Trump’s Mexican tariff threat
Defiant Senate Republicans warned President Trump not to follow through with his announced plan to slap escalating tariffs on all Mexican imports this week until Mexico stops Central American migrants from traveling to the U.S. border. After a closed-door Capitol Hill meeting, Sen. Ted Cruz (R-Texas) said there wasn’t a “single yes” vote for Trump’s plan to impose the tariffs by declaring a national emergency at the border, while Senate Majority Leader Mitch McConnell said most Republicans hope “these tariffs will not take effect.” Trump replied it’d be “foolish” for GOP senators to take legislative action to block his planned 5 percent tariff, effective June 10. The tariff would rise 5 percent each month until reaching 25 percent by Oct. 1. Trump didn’t specify the steps Mexico had to take to prevent the tariffs, leaving it to “our sole discretion and judgment” as to whether the country was doing enough. In the first three months of 2019, the U.S. imported $86.6 billion in car parts, televisions, beer, avocados, and other goods from Mexico—more than from any other country except for China.
Trump’s threat was reportedly instigated by senior adviser Stephen Miller, who has overseen some of the administration’s most hawkish immigration policies—and was opposed by both Treasury Secretary Steve Mnuchin and U.S. Trade Representative Robert Lighthizer as potentially damaging to the U.S. economy. It comes as Customs and Border Protection statistics show that more than 144,000 migrants were taken into custody along the Mexican border in May, a 32 percent jump from April, and the highest monthly tally in 13 years. In response to the possible tariffs, Mexican President Andrés Manuel López Obrador dispatched negotiators to Washington, D.C., and said he expected “good results” from the talks.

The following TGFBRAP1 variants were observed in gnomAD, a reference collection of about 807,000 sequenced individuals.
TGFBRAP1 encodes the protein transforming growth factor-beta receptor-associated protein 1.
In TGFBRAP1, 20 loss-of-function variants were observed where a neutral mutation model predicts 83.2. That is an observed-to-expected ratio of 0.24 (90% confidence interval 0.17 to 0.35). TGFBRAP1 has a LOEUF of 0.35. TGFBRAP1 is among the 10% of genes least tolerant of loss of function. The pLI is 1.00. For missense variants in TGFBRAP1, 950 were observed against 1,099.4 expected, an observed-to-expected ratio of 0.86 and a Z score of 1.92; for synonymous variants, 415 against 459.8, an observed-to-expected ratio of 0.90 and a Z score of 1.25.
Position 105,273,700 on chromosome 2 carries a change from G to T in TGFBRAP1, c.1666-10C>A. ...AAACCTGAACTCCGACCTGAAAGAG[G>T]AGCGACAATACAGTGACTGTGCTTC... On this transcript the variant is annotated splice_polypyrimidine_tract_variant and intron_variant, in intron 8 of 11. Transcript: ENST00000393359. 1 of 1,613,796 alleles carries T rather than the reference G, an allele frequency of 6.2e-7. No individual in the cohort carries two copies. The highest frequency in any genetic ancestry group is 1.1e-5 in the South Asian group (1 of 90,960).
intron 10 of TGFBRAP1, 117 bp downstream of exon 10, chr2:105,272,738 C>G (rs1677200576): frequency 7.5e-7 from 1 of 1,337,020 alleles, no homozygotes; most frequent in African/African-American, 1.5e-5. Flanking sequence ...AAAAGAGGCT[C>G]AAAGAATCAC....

What the editorials said
This “could become one of the worst errors an American leader has ever made,” said The San Diego Union-Tribune. A 5 percent tariff, economists estimated this week, could eliminate 400,000 U.S. jobs. A 25 percent tariff could mean millions lost. Here, in the San Diego–Tijuana region, cross-border trade is critical to employers and consumers on both sides. “Some goods cross the U.S.-Mexico border 14 times while being assembled.” Trump “is blaming Mexico for a mess it can’t solve,” said The Wall Street Journal. Mexico alone cannot stop the migrants, whose passage north is aided by criminal gangs and corrupt authorities. In fact, Mexico is “already helping by agreeing to hold asylum seekers inside Mexico.” Trump should instead hold Democrats to account for failing to reform America’s broken asylum policy, which requires migrants with children to be released into the country. The tariff plan “is a distraction that lets Democrats off the hook.”
What the columnists said
If Trump imposes tariffs on Mexican goods, he will have “undermined his ability to maintain a hard line on China,” said Josh Barro in NYMag.com. While the economic effects of the China tariffs have thus far been limited, opening a second front in a global trade war makes it far more difficult to avoid real pain. If the economy weakens, Trump loses leverage over China. Trump has also “sabotaged” passage of a renegotiated NAFTA just as it appeared ready for ratification, said Haley Byrd in CNN.com. Facing punitive tariffs, Mexican legislators “will be hard-pressed” to ratify the new trade deal, known as the United States–Mexico-Canada Agreement, or USMCA.
The president’s actions may cause some disruption, said Brandon Judd in FoxNews.com, but they are a bold and necessary step to address “the national emergency taking place on our border.” As president of the union representing 16,000 border agents, I can tell you firsthand how dire the situation has become. Our system is overwhelmed. Mexico must enforce its own immigration laws or the wave of migrants will continue unabated.
If Trump follows through, expect Mexico to retaliate in kind “with stark consequences for 2020,” said Shannon O’Neil in Bloomberg.com. “Many of the biggest exporters to Mexico—Arizona, Michigan, Illinois—are already swing states.” Retaliatory Mexican tariffs could throw Texas into recession, and put its 38 electoral college votes into play. “Trump seems to be betting again that hyping the border and demonizing trade and Mexico will rally his political base.” But he may end up alienating so many voters that he’ll win the battle and lose the war.
Cover illustration by Howard McWilliam.
Cover photos from Getty, AP, Getty. ■